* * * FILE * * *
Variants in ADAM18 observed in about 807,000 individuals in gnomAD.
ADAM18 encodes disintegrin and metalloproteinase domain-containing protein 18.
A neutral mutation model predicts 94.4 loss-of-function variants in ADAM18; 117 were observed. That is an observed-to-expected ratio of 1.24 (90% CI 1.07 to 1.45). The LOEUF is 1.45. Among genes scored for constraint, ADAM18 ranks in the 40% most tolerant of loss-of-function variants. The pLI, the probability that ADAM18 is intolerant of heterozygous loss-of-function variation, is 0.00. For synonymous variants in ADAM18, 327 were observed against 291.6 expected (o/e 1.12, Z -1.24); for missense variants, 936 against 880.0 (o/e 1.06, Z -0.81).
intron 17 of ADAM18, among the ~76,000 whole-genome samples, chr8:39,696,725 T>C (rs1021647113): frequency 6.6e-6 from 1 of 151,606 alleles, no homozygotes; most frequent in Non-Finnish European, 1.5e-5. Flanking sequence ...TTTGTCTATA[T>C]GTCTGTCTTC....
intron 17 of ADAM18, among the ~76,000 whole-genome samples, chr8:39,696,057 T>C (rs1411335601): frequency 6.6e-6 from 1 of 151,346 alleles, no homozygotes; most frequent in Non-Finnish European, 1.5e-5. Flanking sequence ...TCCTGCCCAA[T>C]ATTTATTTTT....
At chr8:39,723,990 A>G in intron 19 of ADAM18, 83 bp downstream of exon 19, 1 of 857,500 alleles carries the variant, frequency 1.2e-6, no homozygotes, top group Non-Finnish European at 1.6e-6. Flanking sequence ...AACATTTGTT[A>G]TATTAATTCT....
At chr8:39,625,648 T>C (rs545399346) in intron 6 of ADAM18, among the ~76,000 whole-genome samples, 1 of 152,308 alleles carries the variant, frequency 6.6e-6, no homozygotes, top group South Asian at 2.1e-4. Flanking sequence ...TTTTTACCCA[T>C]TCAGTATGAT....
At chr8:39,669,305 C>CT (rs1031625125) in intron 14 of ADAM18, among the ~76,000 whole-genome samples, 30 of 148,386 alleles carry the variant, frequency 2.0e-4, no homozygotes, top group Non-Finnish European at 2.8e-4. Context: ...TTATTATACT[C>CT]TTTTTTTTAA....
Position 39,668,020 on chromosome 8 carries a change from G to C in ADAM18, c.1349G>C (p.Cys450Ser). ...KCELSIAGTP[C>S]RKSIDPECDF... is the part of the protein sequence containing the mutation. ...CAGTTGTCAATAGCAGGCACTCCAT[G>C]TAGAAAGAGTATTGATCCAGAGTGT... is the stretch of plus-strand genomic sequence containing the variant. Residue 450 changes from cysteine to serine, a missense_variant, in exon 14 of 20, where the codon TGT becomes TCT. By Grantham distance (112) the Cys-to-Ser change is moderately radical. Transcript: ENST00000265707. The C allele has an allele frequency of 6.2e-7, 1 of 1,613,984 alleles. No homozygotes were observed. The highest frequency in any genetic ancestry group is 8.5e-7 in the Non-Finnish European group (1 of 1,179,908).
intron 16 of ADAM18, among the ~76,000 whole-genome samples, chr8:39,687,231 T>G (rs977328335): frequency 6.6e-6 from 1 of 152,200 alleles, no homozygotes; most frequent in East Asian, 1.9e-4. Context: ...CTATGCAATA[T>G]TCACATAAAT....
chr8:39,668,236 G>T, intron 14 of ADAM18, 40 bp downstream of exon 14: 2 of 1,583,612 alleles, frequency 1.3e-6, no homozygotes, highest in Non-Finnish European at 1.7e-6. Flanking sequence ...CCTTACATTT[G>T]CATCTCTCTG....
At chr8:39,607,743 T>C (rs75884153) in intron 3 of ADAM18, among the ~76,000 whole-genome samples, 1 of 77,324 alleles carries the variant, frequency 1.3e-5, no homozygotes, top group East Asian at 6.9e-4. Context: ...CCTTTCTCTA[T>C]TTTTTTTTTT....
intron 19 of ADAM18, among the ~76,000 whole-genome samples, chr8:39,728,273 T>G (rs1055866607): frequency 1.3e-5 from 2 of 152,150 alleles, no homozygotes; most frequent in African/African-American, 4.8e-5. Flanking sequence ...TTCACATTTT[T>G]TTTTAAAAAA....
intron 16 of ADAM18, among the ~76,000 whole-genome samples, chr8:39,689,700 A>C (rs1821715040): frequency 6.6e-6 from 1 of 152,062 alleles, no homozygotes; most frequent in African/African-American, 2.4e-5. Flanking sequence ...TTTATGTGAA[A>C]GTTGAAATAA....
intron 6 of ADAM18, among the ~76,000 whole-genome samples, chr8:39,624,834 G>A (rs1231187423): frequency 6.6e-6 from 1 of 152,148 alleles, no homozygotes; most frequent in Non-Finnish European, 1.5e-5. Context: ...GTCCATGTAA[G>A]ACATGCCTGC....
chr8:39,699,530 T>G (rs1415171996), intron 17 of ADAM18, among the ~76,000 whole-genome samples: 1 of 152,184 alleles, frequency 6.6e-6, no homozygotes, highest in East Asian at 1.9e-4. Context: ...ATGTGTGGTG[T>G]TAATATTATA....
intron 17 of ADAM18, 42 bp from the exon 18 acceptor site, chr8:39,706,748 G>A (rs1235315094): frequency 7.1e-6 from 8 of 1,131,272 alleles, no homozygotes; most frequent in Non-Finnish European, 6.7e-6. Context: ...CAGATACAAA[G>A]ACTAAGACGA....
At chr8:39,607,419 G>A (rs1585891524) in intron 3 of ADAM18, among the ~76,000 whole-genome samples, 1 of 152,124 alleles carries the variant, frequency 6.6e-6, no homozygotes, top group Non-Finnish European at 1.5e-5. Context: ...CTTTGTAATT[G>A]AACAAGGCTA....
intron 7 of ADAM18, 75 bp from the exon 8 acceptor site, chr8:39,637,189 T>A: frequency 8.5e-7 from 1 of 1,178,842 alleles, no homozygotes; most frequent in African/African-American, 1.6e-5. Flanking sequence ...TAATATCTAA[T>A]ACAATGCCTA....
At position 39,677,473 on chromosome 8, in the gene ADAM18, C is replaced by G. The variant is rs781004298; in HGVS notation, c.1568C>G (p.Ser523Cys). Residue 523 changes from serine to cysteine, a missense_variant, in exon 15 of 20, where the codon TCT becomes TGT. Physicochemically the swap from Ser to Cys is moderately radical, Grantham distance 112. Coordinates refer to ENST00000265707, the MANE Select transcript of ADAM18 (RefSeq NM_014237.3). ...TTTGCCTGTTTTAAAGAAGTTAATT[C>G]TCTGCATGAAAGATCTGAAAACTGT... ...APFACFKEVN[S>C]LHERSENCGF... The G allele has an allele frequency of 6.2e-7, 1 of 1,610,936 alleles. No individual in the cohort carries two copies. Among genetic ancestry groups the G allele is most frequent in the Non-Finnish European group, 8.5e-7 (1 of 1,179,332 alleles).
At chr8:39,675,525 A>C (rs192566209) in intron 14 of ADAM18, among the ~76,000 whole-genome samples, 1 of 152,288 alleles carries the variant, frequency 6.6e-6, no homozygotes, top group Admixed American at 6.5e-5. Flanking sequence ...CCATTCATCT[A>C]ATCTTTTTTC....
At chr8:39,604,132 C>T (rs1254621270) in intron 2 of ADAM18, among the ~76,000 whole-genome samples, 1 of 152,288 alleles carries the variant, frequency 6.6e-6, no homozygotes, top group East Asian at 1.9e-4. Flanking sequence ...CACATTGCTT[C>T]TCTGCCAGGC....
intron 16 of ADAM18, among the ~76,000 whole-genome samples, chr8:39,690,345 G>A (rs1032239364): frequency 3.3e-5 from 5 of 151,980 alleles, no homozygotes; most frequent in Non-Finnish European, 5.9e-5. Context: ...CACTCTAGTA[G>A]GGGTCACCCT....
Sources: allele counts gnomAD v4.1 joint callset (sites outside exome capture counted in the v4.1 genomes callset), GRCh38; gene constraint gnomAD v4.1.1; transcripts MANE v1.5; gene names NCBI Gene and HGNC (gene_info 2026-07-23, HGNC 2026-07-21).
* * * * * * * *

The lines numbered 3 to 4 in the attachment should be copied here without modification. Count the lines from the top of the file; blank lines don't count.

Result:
A neutral mutation model predicts 94.4 loss-of-function variants in ADAM18; 117 were observed. That is an observed-to-expected ratio of 1.24 (90% CI 1.07 to 1.45). The LOEUF is 1.45. Among genes scored for constraint, ADAM18 ranks in the 40% most tolerant of loss-of-function variants. The pLI, the probability that ADAM18 is intolerant of heterozygous loss-of-function variation, is 0.00. For synonymous variants in ADAM18, 327 were observed against 291.6 expected (o/e 1.12, Z -1.24); for missense variants, 936 against 880.0 (o/e 1.06, Z -0.81).
intron 17 of ADAM18, among the ~76,000 whole-genome samples, chr8:39,696,725 T>C (rs1021647113): frequency 6.6e-6 from 1 of 151,606 alleles, no homozygotes; most frequent in Non-Finnish European, 1.5e-5. Flanking sequence ...TTTGTCTATA[T>C]GTCTGTCTTC....